Trail was practically a story about the civil rights movement, during one of It’s most trying times.
The book reveals the true motives and character of some of the people whom we have grown up knowing as someone completely different. Since first learning about the civil rights movement, I was able to recount the story, but not the facts. By this I mean I can spit back out the version of events that are popular belief; the stuff everyone thinks is right and is comfortable accepting.
But the fact of the matter is that the civil rights movement was a hugely influential part of our history and one that was highly controversial. It went against the beliefs and traditions of many people, especially In the south. The prejudice and the pride involved caused the ‘story’ to be warped, and that story is what we as elementary school students are taught. But upon digging deeper, we can find the truth about what happened during the civil rights movement. Hellholes was the resource I needed to show me these details that went deeper than the basic story everyone knows.History Is a hard word to define. It is the past, sure; but from whose perspective? Hellholes Is a unique and powerful book because It tells the story not just through one character’s eyes, but through many characters’ eyes. Hampton Sides was able to accurately represent the dynamics, both social and political, of the movement and portray them in a way that was understandable to the reader.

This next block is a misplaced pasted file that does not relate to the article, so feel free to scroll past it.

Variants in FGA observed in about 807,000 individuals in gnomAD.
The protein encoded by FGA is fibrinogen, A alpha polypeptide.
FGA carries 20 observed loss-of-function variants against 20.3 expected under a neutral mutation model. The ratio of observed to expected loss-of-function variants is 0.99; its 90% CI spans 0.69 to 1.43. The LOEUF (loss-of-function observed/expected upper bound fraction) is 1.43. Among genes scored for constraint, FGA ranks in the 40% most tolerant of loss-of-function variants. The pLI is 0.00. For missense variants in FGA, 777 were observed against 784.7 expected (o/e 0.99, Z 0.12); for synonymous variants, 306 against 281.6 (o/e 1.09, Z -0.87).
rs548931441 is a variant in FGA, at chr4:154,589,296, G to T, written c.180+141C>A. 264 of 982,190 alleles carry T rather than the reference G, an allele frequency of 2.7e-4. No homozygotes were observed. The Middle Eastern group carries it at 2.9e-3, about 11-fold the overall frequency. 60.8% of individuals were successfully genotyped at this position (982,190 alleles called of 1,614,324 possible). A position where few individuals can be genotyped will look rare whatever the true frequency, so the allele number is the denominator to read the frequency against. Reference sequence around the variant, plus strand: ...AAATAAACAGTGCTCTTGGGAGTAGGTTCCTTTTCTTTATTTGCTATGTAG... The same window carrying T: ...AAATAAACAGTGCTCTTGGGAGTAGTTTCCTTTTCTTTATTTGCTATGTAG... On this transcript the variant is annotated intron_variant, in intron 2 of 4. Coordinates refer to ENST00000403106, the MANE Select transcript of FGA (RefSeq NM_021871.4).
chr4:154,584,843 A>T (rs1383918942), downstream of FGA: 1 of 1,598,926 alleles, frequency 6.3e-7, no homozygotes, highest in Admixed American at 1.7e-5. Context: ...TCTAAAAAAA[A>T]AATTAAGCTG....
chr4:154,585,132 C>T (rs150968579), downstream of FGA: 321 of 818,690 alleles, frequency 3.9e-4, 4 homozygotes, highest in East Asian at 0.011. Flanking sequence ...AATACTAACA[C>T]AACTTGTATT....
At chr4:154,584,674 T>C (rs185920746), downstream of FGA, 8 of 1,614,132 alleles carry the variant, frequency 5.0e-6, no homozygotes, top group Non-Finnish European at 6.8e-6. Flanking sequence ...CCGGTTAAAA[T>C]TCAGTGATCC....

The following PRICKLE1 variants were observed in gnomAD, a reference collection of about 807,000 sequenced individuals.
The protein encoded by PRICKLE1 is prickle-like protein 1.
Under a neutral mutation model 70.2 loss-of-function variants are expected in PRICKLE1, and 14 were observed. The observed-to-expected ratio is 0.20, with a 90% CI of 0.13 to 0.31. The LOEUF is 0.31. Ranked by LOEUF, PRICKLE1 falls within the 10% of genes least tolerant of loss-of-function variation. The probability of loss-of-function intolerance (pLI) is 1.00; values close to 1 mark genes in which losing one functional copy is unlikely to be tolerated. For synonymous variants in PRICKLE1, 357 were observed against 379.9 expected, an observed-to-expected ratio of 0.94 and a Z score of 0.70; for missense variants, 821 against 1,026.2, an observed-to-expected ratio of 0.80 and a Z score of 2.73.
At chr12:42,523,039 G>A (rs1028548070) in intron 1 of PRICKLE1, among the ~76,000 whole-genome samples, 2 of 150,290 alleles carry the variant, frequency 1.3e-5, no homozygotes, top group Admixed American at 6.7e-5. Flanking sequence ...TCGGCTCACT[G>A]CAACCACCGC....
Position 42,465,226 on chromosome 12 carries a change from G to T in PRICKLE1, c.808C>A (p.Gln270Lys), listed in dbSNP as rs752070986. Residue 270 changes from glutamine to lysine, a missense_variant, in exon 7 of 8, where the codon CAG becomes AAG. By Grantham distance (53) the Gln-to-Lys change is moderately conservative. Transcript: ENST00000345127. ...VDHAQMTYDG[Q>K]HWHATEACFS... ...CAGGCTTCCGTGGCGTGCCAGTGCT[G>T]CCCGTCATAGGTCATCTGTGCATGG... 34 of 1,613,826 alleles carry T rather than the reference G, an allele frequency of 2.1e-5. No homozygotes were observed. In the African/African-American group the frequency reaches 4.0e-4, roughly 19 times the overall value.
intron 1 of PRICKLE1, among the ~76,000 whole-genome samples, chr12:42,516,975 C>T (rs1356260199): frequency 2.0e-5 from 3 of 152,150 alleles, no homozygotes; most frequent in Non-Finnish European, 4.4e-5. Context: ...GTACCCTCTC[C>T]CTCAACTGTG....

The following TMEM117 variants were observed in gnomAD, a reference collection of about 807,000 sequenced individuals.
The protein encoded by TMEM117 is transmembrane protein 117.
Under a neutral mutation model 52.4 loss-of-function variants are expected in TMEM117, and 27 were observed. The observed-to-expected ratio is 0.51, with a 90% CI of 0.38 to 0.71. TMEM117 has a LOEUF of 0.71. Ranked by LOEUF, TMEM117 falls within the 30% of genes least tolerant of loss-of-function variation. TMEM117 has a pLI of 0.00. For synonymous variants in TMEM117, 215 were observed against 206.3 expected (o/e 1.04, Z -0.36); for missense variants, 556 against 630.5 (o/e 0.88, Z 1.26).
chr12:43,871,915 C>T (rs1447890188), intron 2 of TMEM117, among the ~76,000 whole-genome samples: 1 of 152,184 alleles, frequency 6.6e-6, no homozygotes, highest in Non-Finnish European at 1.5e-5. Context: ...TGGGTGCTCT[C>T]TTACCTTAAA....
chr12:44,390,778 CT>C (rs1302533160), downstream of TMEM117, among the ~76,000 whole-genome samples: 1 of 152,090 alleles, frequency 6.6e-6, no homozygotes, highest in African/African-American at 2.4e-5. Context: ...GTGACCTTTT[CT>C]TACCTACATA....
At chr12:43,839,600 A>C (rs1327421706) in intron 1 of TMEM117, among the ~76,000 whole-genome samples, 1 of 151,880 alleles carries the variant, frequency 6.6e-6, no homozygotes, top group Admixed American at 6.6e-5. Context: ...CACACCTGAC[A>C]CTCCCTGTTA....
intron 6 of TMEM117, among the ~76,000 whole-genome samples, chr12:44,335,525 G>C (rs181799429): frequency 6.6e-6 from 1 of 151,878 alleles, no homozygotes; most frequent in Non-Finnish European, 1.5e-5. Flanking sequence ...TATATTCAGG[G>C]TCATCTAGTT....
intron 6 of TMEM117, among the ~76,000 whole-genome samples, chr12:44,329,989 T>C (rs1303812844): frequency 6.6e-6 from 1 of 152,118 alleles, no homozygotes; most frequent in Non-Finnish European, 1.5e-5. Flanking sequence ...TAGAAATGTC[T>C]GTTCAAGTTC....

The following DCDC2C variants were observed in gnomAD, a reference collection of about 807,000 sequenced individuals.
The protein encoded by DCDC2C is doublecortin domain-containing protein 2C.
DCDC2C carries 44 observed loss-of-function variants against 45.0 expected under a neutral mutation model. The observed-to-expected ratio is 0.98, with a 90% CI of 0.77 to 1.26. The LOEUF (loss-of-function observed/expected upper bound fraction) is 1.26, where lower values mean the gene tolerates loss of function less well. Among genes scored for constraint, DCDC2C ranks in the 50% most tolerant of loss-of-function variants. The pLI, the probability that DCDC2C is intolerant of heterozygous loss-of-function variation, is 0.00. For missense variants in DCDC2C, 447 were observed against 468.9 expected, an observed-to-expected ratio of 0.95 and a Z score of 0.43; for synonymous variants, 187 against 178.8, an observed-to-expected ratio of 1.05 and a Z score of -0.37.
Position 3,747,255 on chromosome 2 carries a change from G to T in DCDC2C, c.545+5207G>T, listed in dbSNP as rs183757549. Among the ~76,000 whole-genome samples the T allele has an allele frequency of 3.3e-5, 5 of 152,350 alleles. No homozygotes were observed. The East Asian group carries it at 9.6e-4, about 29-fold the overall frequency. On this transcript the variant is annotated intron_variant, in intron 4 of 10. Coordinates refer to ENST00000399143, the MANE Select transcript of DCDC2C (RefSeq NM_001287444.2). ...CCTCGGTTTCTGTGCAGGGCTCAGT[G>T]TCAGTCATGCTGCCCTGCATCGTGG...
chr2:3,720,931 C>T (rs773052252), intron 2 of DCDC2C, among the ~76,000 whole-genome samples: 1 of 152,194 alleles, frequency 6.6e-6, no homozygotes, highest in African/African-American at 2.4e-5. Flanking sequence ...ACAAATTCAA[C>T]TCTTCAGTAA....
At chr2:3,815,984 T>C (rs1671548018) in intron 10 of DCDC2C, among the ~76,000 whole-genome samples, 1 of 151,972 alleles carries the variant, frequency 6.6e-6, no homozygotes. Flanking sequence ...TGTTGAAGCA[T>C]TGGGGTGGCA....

Prior to reading this book, my conception of the civil rights movement was somewhere between the silent protests of Rosa Parks and the outspoken marches and speeches of Martin Luther King.I envisioned the movement as exactly that: a group of dedicated civil rights activists moving across the nation building support. Reading Hellholes showed me the intricacies of the movement and explored the motivation behind it. I had never really heard about any failings of the movement, other than the obvious opposition from the traditional south. The book showed me how King’s motives and goals, and also the movement’s goals as well as the Class goals evolved over time. The biggest problem they faced was maintaining their policy of non-violent protest.Hellholes showed me what kind of resistance they came across, such as the Invaders, and gave me a better understanding of the movement as a whole. My now Increased knowledge has lead to my awe and respect towards the people who made the movement happen and who kept it alive.